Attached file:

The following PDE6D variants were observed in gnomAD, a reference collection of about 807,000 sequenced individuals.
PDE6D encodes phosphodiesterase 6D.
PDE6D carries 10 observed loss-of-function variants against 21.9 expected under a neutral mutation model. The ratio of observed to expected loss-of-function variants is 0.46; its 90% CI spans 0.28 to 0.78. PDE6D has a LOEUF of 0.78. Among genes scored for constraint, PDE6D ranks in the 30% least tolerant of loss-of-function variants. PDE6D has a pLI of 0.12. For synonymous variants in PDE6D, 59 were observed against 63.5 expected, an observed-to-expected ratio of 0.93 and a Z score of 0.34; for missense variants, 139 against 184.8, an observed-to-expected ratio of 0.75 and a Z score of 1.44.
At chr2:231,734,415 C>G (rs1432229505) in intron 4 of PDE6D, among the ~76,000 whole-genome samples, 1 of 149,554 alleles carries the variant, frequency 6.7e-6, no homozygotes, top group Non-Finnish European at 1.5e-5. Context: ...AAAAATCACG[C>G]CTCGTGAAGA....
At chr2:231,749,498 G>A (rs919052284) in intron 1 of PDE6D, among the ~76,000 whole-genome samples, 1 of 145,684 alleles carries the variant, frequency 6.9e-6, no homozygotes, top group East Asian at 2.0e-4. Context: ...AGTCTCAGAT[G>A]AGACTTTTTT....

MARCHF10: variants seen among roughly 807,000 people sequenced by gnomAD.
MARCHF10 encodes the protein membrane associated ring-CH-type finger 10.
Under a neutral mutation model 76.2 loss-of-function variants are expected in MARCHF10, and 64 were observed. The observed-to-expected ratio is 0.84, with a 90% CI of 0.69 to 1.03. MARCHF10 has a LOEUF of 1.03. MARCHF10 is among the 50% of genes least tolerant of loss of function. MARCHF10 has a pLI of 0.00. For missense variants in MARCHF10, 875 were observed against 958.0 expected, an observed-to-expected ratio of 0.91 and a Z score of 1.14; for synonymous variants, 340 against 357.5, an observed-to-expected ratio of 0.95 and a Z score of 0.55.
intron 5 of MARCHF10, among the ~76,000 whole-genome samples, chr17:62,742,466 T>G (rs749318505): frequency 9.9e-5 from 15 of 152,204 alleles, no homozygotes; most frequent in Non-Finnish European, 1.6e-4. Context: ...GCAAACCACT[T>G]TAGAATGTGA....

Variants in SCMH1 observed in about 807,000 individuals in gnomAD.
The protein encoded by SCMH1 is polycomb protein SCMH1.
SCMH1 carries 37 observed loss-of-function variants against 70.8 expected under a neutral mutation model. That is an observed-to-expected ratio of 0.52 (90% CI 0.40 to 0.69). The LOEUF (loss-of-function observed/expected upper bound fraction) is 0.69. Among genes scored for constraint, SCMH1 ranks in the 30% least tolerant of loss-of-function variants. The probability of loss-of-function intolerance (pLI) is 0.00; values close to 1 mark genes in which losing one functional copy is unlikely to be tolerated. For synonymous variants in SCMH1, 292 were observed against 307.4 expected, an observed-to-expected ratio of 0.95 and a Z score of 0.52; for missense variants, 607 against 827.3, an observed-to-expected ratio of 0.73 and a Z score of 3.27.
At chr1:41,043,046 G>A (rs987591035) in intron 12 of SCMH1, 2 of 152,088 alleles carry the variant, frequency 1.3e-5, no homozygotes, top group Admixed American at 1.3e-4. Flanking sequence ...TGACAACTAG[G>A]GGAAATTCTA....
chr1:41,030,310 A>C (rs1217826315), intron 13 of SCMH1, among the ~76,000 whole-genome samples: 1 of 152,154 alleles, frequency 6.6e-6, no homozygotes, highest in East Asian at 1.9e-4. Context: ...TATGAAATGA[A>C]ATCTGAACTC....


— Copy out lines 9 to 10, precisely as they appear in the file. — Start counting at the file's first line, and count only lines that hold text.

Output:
intron 5 of MARCHF10, among the ~76,000 whole-genome samples, chr17:62,742,466 T>G (rs749318505): frequency 9.9e-5 from 15 of 152,204 alleles, no homozygotes; most frequent in Non-Finnish European, 1.6e-4. Context: ...GCAAACCACT[T>G]TAGAATGTGA....

Variants in SCMH1 observed in about 807,000 individuals in gnomAD.